[packagekit] Things that need fixing
rnorwood at redhat.com
Tue Feb 26 11:02:13 PST 2008
On Tue, 26 Feb 2008 19:19:34 +0100
Richard Hughes <hughsient at gmail.com> wrote:
> In no logical order:
> * Description needs to emit a filter string - this means we can add
> filter types in the future and not break api. This would be something
> like "free;~installed;gui;supported" and allows us to be a lot more
> flexible and clever with a UI. Of course it's optional and we can just
> send "none".
This seems a little funny to me for some reason. I think it's because
of my background with webapps - for instance, whenever you see someone
putting a bunch of separated values in a single column in a DB table,
you know they're Doing It Wrong. OTOH, it's nice to be able to pass
additional data around without breaking the API...
[snip more good stuff]
> * Ability to select updates in the update viewer - it would appear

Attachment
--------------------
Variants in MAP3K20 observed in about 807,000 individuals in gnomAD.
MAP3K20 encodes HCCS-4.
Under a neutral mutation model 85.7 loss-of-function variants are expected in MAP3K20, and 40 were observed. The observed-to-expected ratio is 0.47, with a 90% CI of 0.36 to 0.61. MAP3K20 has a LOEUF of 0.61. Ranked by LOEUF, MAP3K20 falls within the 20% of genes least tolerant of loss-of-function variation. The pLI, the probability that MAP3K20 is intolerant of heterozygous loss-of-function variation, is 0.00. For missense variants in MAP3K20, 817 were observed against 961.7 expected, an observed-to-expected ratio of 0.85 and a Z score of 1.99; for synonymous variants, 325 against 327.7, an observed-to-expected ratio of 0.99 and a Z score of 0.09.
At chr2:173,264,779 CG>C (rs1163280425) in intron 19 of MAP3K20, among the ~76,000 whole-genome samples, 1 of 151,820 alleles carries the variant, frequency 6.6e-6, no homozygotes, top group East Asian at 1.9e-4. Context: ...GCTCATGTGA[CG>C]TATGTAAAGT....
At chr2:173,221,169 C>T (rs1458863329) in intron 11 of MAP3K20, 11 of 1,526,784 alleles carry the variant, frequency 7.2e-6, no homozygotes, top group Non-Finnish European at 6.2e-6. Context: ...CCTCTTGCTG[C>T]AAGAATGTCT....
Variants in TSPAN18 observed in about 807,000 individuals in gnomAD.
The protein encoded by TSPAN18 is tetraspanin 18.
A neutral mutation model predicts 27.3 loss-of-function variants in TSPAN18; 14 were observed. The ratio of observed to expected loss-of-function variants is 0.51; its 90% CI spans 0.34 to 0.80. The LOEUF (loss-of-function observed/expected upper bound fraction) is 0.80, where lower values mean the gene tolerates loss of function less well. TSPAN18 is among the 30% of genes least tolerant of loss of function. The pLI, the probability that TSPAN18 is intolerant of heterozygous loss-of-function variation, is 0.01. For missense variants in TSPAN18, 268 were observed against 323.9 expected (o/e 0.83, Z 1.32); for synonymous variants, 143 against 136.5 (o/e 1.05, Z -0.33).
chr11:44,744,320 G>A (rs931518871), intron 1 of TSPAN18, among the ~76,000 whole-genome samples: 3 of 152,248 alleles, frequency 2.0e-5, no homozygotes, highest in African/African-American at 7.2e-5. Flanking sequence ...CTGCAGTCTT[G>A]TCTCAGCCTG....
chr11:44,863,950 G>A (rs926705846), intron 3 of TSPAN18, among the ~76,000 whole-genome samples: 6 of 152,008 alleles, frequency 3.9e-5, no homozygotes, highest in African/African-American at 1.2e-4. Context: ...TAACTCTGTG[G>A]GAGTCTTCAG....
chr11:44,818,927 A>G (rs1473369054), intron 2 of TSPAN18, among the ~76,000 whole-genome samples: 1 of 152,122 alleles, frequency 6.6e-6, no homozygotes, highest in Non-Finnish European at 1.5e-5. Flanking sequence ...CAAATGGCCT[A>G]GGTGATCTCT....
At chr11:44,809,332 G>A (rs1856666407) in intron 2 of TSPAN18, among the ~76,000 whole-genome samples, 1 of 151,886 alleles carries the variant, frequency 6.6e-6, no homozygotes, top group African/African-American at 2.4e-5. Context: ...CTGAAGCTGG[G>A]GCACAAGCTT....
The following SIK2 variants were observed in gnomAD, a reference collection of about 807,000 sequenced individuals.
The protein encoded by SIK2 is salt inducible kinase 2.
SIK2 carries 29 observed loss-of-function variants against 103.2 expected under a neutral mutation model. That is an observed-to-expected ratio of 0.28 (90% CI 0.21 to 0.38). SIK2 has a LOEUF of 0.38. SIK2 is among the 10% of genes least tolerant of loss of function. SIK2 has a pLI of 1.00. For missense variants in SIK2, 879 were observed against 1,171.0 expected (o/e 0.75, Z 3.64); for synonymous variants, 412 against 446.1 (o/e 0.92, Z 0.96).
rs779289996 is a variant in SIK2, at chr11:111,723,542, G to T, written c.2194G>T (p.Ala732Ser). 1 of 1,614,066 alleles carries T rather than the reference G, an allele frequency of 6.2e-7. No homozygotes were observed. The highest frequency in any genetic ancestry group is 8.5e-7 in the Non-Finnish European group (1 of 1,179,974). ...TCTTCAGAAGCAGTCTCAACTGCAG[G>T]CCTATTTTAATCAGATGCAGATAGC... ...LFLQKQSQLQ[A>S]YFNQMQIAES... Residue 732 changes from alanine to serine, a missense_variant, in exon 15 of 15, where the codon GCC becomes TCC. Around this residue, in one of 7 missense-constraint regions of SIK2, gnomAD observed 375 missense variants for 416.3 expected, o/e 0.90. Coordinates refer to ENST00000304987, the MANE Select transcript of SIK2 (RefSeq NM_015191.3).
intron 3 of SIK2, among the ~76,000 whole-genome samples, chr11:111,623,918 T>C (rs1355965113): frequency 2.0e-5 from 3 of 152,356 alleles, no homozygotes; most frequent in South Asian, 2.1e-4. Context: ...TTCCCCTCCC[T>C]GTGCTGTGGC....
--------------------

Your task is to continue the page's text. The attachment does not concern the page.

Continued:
> that davidz was right, as now real world users are asking for it.
Don't tell him, you'll just encourage him. I think we should add
checkboxes For Now, until someone figures out how to do it better in
various backends. Then we can add the 'do the right thing' button.
> * We need to pass in string arrays of package_id's to a method so we
> can install, remove or update multiple things in one transaction. We
> need this for the above. We can either do this in a general purpose
> method (so we can do clever stuff as a compound method) or extend the
> existing ones.
> Something like ActionPackage(tid, a(ss)) where a(ss) is array of [role
> and package_id] seems most clean. This way we can do clever stuff (not
> the common case) without breaking all the existing code.
I don't like this at all. The backend is going to need to handle each
of the possible cases differently, and might not (yet) support a given
action over multiple packages. With something generic like this,
there's no way to say "I support upgrading, or installing a
bunch of packages, but not downgrading or removing" for instance.
Red Hat, Inc.
"The Sage does nothing, yet nothing remains undone."
-Lao Tzu, Te Tao Ching
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